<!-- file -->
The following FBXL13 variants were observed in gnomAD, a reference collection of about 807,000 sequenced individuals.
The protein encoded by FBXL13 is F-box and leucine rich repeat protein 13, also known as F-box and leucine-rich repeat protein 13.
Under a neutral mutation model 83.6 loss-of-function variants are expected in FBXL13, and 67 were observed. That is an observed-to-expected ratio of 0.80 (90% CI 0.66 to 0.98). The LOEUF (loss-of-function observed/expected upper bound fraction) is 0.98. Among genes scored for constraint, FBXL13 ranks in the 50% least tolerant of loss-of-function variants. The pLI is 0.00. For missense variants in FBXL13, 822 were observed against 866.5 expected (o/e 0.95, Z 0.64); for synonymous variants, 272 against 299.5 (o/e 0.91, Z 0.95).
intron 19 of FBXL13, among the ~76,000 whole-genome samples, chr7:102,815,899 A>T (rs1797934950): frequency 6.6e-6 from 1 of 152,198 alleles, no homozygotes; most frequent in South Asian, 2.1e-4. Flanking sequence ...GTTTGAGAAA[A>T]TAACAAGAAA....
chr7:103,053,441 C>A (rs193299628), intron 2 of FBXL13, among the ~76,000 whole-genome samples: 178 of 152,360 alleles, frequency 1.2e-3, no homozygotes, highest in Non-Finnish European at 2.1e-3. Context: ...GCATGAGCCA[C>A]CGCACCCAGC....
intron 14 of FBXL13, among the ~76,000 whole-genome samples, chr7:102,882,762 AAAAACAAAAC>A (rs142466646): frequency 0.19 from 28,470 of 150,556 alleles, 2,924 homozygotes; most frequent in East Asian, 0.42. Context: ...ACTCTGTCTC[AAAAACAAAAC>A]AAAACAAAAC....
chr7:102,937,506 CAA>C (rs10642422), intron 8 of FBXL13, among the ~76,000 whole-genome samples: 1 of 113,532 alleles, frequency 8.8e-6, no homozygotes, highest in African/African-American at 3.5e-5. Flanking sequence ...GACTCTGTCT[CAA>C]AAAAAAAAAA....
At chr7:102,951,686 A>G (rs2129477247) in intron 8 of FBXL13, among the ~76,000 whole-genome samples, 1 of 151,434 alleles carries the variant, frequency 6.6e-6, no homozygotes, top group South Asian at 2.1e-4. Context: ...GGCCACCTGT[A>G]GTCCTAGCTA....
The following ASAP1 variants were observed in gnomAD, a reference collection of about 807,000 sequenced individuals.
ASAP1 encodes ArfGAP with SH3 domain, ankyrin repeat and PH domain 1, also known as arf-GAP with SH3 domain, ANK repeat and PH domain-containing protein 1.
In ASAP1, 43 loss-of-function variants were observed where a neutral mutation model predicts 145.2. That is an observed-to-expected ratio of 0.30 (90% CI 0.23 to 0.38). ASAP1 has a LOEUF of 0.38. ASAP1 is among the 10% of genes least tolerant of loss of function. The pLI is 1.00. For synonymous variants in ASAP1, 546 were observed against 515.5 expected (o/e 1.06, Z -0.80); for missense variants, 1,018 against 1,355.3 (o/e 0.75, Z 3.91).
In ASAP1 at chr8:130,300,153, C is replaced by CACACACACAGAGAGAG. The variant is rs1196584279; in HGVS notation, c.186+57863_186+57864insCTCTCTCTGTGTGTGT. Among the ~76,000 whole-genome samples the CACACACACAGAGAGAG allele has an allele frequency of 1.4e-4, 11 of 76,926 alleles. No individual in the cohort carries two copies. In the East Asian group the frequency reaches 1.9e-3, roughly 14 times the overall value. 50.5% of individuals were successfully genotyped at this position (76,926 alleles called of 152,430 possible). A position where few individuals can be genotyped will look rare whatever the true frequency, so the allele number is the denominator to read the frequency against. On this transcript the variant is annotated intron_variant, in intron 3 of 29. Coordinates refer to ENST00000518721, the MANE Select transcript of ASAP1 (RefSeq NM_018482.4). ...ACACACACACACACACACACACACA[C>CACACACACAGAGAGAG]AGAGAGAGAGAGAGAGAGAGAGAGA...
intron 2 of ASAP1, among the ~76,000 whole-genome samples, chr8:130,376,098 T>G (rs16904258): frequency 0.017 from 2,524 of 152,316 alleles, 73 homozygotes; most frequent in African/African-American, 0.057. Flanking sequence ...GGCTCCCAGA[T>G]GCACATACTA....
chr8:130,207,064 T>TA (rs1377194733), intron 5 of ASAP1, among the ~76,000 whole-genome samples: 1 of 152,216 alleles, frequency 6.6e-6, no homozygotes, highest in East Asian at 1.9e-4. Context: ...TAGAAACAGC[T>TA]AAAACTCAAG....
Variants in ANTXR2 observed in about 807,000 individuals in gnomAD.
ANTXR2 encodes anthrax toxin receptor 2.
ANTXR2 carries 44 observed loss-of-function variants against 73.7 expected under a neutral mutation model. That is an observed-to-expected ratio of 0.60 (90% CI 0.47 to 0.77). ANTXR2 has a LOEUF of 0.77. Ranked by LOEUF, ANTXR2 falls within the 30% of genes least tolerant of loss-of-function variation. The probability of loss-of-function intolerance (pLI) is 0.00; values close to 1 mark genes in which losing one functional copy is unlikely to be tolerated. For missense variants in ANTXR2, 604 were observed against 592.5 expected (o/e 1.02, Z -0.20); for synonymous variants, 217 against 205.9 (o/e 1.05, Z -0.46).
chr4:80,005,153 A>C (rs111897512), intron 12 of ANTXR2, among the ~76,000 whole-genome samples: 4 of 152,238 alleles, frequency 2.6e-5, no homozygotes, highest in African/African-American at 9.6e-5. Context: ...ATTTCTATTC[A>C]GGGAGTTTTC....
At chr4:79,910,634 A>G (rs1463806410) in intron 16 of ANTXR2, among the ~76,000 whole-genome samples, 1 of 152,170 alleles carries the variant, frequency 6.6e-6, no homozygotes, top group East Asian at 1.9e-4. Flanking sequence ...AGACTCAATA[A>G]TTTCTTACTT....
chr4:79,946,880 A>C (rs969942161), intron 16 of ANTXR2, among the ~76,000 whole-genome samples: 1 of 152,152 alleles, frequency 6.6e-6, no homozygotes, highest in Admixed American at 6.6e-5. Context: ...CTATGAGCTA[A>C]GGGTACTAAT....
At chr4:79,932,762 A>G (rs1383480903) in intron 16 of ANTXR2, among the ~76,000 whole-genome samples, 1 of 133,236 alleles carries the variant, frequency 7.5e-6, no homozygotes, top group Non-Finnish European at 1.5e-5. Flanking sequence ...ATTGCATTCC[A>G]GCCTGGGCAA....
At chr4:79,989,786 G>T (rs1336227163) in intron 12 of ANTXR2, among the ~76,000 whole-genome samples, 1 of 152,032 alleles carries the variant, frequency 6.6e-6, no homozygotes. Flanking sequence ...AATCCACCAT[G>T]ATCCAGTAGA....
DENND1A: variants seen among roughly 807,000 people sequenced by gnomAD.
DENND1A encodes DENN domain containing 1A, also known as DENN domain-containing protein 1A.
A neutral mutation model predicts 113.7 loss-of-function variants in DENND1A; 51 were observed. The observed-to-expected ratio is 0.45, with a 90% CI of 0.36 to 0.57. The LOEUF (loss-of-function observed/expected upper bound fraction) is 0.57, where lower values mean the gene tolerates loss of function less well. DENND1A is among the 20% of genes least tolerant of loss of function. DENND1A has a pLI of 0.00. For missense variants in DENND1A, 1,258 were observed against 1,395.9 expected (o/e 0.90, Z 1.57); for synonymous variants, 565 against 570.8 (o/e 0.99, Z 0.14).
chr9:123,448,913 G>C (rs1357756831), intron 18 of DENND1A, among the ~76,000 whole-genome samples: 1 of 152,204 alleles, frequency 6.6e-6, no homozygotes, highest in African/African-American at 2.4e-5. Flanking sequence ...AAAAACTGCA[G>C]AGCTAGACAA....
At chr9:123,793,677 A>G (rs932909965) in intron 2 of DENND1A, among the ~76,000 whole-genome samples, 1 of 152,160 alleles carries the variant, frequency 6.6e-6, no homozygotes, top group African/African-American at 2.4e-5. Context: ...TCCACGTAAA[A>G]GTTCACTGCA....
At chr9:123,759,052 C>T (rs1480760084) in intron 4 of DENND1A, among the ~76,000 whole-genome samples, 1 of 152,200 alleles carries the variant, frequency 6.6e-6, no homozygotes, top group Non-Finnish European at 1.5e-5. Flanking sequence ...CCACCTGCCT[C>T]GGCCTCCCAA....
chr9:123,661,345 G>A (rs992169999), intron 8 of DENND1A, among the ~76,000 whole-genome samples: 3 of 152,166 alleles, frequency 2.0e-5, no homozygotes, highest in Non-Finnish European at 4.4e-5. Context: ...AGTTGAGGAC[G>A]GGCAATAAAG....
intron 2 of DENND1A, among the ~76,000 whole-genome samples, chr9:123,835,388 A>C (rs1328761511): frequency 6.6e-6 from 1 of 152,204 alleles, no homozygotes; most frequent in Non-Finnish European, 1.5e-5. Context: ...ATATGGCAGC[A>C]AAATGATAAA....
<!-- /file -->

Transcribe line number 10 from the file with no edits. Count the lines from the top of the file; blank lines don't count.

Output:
ASAP1 encodes ArfGAP with SH3 domain, ankyrin repeat and PH domain 1, also known as arf-GAP with SH3 domain, ANK repeat and PH domain-containing protein 1.